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Judge Sean Lane approved a series of typical first-day motions from American Airlines at a bankruptcy court hearing in Manhattan on Tuesday afternoon, the same day the company filed for Chapter 11 protection. The airline is said to have been working with its legal team since at least September and its motions to keep paying critical vendors, insurance programs and the like went largely without objection. But what made yesterday's relatively uncontentious hearing unusual was the lack of motions regarding funding the company through the Chapter 11 process. 

American Airlines came to court with $4.1 billion in cash on hand, enough that it does not need debtor-in-possession financing or the use of cash collateral. “Their cash flow is unencumbered, which is fairly remarkable and unusual,” said one lawyer not currently involved in the case.

Still, several lawyers watching the case said in interviews that they worked to organize DIP financing for American Airlines – nearly 10 years ago. 

American Airlines is the latest in a long series of airline bankruptcies, including virtually all of the company’s competitors. The Associated Press reported this week that 189 airlines have filed for bankruptcy since 1990. The company was on the verge of filing in 2003 – when lawyers were working to organize a DIP – but was able to renegotiate certain labor contracts and avoid Chapter 11. 

“For the past 20 years, American has fought ferociously to avoid this day,” said Harvey Miller, the Weil Gotshal & Manges partner heading American's legal team. But rather than wait too long, Miller said, the company chose to file for Chapter 11 at a time when it still “has the tools to effectuate its reorganization.”

“What I find fascinating about this is they filed and have not submitted a motion for post-petition financing, which makes clear that they realize that a filing was certainly more likely than not, and they made the pragmatic decision to do so now at a point when the company has maximum leverage,” said one lawyer who worked on the original DIP in 2003. By filing now, with $4.1 billion in cash on hand, American Airlines can operate in Chapter 11 without the constraints of a DIP facility, the lawyer said. “Since I have absolutely no doubt there are a number of vulture funds involved in the American case, they haven’t been able to assert themselves yet because there's no funding,” he said.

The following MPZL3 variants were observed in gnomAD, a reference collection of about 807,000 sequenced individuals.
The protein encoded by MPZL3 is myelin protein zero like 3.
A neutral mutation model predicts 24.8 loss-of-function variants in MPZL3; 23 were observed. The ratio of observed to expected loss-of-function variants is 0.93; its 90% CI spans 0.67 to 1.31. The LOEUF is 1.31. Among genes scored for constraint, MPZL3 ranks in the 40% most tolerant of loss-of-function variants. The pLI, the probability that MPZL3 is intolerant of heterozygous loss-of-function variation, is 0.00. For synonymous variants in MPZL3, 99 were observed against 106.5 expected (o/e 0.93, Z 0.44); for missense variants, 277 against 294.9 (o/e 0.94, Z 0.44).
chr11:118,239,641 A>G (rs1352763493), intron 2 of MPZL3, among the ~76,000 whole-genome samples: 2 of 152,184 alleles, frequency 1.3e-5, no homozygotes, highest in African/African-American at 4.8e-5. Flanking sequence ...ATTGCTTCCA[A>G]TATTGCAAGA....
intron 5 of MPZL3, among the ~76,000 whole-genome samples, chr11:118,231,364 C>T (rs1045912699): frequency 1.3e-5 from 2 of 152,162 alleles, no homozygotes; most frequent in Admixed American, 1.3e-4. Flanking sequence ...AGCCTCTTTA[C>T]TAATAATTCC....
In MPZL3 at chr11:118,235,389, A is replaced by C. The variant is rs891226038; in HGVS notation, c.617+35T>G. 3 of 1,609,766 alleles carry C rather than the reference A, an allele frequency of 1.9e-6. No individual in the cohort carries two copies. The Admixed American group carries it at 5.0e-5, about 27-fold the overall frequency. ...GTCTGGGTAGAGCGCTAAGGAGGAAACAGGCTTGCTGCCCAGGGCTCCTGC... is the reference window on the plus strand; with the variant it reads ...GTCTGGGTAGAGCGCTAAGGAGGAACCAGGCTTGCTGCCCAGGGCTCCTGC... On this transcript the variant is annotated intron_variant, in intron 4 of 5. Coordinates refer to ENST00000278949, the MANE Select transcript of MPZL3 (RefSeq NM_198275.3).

American’s goal in bankruptcy is to build a global, successful airline, Miller told Judge Lane. To that end, the company will seek to remove the “competitive disadvantages that precipitated this filing,” by adjusting labor costs and making changes to account for unpredictable fuel costs, he said.

In response to the filing, Pension Benefit Guaranty Corporation Director Josh Gotbaum issued a statement Tuesday warning that American Airlines employees could lose a billion dollars in pension benefits if American terminates its four plans, covering almost 130,000 participants. “As of [Nov. 29], the plans collectively had about $8.3 billion in assets to cover about $18.5 billion in benefits,” Gotbaum wrote. “If American Airlines were to end their plans, the agency would be responsible for paying about $17 billion in benefits; about $1 billion in benefits would be lost.” If American does terminate any of its plans, it can expect a major battle with the PBGC, lawyers say.

Judge Lane approved a number of routine first-day motions at Tuesday’s hearing, allowing for the continued payment of critical vendors, and the retention of customer-incentive plans, including frequent-flier-miles programs.

The U.S. Trustee will hold a creditors’ meeting on Dec. 5, at 10:00 a.m. EST in the Sheraton New York Hotel & Towers. Judge Lane also scheduled further hearings for Dec. 13 and Dec. 22. – John Bringardner


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